I have only barely begun to touch Gershwin, though like most afficionados I used to think I knew him pretty well. I am becoming fascinated now (oh boy, look out, here comes another obsession that will take up a couple dozen posts!) as I wait for a bio I ordered from Amazon. Not the 900-page one - I'm waiting to see if the shorter one whets my appetite for more, or puts me off. I bogged down in two massive Twain biographies when it all got to be too much. 

I always felt GG was snobby, cool, asexual, full of himself, if vital and driven and full of energy. The music always struck me as a bit crazy, and sometimes excruciatingly beautiful. It was as if the composer and the rest of George were two beings. His death was just plain godawfully horrible, no one deserves to die like that, exiled even from one's own mind. So what was going on there, were things just burning too hot to carry on in in any state of health?

More will be revealed.

APPENDA (UM, IX). I remembered a story from maybe 40 years ago, when my brother Walt, a professional musician, told it to me. At the time I thought, oh, this is what musicians talk about around the water cooler or at the bar or wherever. But it's a damn good story, and as usual I wondered if I dreamed it.  I looked it up, and, yes, here it is!  I found several versions of it (in fact I just deleted one that stunk), but I like this one best, embedded in a story in the Wall Street Journal. There are various versions, of course - and sometimes the teller is actually in the car with Gershwin, or even driving it. If it never happened, then perhaps it should have.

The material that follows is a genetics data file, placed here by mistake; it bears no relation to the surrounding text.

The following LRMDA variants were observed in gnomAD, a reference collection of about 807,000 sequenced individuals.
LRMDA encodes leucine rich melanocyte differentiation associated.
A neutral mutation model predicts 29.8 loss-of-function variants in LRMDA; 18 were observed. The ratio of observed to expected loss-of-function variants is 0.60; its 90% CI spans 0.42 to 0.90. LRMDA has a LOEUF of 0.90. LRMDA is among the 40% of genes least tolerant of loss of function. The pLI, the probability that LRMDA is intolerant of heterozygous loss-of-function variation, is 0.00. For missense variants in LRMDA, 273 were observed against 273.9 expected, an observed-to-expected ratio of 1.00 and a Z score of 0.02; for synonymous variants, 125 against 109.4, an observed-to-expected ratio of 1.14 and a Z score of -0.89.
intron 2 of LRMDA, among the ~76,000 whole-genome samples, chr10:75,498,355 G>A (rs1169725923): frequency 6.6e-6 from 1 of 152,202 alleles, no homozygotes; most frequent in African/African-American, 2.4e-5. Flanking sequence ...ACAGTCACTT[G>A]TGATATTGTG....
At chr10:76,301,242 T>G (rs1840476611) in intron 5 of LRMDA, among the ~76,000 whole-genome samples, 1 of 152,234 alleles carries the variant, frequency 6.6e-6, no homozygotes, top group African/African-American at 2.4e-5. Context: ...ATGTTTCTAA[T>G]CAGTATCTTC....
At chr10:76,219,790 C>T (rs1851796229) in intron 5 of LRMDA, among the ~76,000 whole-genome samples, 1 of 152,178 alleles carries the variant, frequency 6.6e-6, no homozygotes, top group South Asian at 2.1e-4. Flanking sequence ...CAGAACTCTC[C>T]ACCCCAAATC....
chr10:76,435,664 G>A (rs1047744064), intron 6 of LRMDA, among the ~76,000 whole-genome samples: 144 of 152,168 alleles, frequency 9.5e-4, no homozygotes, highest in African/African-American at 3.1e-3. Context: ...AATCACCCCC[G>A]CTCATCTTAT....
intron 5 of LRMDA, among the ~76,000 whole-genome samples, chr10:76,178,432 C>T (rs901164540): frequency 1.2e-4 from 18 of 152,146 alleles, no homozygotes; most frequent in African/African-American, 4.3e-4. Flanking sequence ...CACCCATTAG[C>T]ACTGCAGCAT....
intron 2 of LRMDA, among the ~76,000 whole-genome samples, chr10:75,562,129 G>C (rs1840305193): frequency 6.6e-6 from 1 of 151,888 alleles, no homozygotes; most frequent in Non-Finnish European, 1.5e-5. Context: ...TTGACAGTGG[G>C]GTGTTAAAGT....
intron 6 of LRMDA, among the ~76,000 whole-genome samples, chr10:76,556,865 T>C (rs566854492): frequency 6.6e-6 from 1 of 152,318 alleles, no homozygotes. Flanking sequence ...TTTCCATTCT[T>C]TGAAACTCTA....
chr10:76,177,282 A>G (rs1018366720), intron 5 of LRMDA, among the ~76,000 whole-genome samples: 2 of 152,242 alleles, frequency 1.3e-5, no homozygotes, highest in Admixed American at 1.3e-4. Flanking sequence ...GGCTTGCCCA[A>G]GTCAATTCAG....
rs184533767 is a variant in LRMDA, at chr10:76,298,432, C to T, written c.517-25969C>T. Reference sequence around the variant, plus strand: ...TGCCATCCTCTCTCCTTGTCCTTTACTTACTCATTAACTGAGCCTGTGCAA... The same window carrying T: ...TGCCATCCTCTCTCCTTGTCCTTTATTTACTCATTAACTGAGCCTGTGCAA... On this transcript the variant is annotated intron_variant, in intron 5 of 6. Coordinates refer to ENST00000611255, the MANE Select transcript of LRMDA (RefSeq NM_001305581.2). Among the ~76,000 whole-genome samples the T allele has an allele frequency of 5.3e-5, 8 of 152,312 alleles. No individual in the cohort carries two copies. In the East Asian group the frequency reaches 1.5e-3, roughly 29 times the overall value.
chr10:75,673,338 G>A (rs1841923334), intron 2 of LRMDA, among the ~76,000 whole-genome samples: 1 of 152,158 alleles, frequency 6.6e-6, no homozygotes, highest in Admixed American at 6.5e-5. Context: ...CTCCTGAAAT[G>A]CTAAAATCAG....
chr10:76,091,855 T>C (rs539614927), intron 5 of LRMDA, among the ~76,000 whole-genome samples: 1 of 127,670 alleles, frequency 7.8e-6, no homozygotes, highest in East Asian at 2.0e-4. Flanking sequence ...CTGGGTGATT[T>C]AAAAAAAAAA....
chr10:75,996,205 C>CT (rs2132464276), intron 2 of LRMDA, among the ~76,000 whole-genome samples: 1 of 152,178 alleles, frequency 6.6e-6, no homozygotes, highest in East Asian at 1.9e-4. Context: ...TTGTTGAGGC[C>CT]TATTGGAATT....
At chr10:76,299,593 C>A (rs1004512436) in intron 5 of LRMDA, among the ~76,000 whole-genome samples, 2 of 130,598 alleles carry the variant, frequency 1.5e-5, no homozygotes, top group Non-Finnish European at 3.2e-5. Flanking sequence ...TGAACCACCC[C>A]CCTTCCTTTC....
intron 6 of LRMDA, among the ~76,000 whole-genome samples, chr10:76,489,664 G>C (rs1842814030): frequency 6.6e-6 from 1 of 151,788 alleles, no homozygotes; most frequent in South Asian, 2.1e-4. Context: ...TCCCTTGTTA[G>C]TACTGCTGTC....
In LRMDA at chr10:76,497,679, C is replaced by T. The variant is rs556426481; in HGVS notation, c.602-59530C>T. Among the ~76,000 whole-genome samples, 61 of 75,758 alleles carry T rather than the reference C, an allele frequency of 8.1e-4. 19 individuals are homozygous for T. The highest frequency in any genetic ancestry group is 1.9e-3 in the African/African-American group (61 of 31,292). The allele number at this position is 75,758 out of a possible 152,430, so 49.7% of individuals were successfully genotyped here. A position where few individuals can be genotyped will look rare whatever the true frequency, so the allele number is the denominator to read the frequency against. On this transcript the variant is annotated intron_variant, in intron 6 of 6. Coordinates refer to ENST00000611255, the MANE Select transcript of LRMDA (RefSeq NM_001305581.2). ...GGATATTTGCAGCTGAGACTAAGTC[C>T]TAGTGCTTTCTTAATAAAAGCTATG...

Throughout his brief life—he died in 1937 at age 38—Gershwin had the golden touch. The phenomenon of George Gershwin astonished everyone—not least Gershwin himself. He was famous for his immodesty, except that in him it came off as something else, self-amazement perhaps. "You know the extraordinary thing about my mother," he once said, "she's so modest about me." When a friend in Hollywood was driving wildly, ­Gershwin alerted him: ­"Careful, man, you have ­Gershwin in the car." Listening for the first time to a full ­orchestral rendering of the ­opera "Porgy and Bess," he ­exclaimed: "This music is so wonderful, so beautiful that I can hardly believe I wrote it."

Not F. Scott Fitzgerald but George Gershwin may have been the reigning figure of the Jazz Age. Gershwin holding forth at the piano at parties in Manhattan, everyone gathered around as if by magnetic force—these scenes were among the symbolic tableaux of the 1920s. Samuel Behrman, the playwright and memoirist, described his reaction when he first heard Gershwin at one such party: "I felt on the ­instant, when he sat down to play, the newness, the humor, above all the great heady surf of vitality. The room became freshly oxygenated; everybody felt it, everybody breathed it."